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Government of Australia

(Federal/State Govt. / Local Govt./Govt. Bodies) Canberra AUSTRALIA
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Australia admits errors made in Indian 'terror' doctor case    
The Australian government Tuesday admitted mistakes were made at the highest level when it wrongfully charged an Indian doctor over a botched British terror plot and forced him to leave the country.
Attorney-General Robert McClelland said changes would be made to Australia's anti-terrorism laws after a report into the treatment of Mohamed Haneef found he was wrongly charged in connection with failed attacks in London and Glasgow.
"The report speaks for itself. Clearly there were errors made at a number of levels, including at the highest level," McClelland told a press conference.
Retired judge John Clarke's much-anticipated report on the bungled case, commissioned by McClelland in March, found there was insufficient evidence to charge Haneef and that the cancellation of his visa should have been deferred.
But the inquiry cleared the then government of conservative leader John Howard of improper behaviour or political motivation in pursuing the case.
Following a tip off from British authorities, federal police arrested Haneef in July 2007 as he tried to leave Brisbane airport for India. He was held for almost two weeks without charge.
He was later accused of having links to the militants responsible for failed car bombings in London and Glasgow but the case against him quickly collapsed.
But by then, the government had cancelled Haneef's visa and he was forced to return to India.
Clarke said he found "no evidence that he (Haneef) was associated with or had foreknowledge of the terrorist events" in London and Glasgow on June 29 and 30, 2007.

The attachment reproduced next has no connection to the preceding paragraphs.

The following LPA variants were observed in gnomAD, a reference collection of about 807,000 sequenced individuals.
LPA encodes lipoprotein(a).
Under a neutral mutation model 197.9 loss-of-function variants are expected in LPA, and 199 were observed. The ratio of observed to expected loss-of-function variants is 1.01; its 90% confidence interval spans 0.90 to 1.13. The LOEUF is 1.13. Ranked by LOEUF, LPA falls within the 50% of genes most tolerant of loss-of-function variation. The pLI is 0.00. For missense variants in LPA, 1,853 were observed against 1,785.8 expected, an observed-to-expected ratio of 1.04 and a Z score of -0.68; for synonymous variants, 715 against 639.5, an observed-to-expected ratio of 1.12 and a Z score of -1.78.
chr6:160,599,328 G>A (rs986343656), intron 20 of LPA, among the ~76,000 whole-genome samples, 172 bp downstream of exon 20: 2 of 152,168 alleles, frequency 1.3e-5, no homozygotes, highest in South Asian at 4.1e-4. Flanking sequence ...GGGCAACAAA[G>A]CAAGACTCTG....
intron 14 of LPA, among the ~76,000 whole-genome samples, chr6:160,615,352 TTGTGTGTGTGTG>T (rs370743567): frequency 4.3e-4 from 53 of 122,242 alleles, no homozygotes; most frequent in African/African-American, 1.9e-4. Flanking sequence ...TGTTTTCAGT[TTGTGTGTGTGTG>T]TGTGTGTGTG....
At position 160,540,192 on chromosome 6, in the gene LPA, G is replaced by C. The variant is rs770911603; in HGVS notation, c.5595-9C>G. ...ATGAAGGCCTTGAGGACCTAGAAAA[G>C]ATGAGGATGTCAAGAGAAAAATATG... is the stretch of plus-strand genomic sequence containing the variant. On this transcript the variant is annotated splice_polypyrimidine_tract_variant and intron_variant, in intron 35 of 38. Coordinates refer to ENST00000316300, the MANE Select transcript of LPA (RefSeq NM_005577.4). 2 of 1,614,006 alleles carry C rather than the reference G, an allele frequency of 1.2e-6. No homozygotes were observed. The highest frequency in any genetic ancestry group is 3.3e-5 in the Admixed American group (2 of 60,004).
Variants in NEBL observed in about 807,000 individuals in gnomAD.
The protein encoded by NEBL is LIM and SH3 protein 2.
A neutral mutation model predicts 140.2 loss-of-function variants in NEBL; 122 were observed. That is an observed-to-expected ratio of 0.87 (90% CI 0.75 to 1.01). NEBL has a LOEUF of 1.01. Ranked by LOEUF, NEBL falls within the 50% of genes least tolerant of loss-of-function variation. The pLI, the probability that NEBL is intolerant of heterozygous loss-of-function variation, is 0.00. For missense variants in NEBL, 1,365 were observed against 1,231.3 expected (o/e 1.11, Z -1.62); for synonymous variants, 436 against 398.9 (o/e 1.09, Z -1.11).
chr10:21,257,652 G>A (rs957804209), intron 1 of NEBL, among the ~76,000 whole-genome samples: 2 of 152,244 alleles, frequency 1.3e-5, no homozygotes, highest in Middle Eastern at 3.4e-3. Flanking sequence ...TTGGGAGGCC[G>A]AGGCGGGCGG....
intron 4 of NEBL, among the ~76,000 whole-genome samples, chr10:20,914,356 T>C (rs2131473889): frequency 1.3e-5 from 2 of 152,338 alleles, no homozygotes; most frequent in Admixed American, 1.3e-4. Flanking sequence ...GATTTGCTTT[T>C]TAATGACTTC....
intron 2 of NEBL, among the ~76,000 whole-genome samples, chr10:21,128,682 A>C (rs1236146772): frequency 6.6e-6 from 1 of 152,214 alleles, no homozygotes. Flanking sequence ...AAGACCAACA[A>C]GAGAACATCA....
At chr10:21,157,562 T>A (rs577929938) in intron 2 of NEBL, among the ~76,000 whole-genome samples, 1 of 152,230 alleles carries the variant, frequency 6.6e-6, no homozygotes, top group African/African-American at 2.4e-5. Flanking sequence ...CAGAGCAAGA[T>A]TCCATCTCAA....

He said he was surprised that no one involved in the police investigation "stood back at any time prior to the decision to charge (Haneef) and reflected on what Dr. Haneef was known to have done."
McClelland said the government accepted all 10 of Clarke's recommendations, including that an independent review of national counter-terrorism laws be conducted.
The attorney-general said a special parliamentary committee on law enforcement would also be created to extend parliamentary oversight of intelligence agencies and federal police.
"The focus of these powers, that is specifically the counter-terrorism laws, will remain on preventing a terrorism attack from occurring in the first place, not just waiting to punish those who would commit such heinous crimes until after they occur," said McClelland.
The Australian Federal Police accepted the findings of the Clarke inquiry but was quick to defend its handling of the Haneef matter.
"All actions were undertaken in good faith and in the best interests of public safety, given the circumstances at the time," it said in a statement.
Government of Australia 's City : Canberra
Government of Australia 's Country : AUSTRALIA
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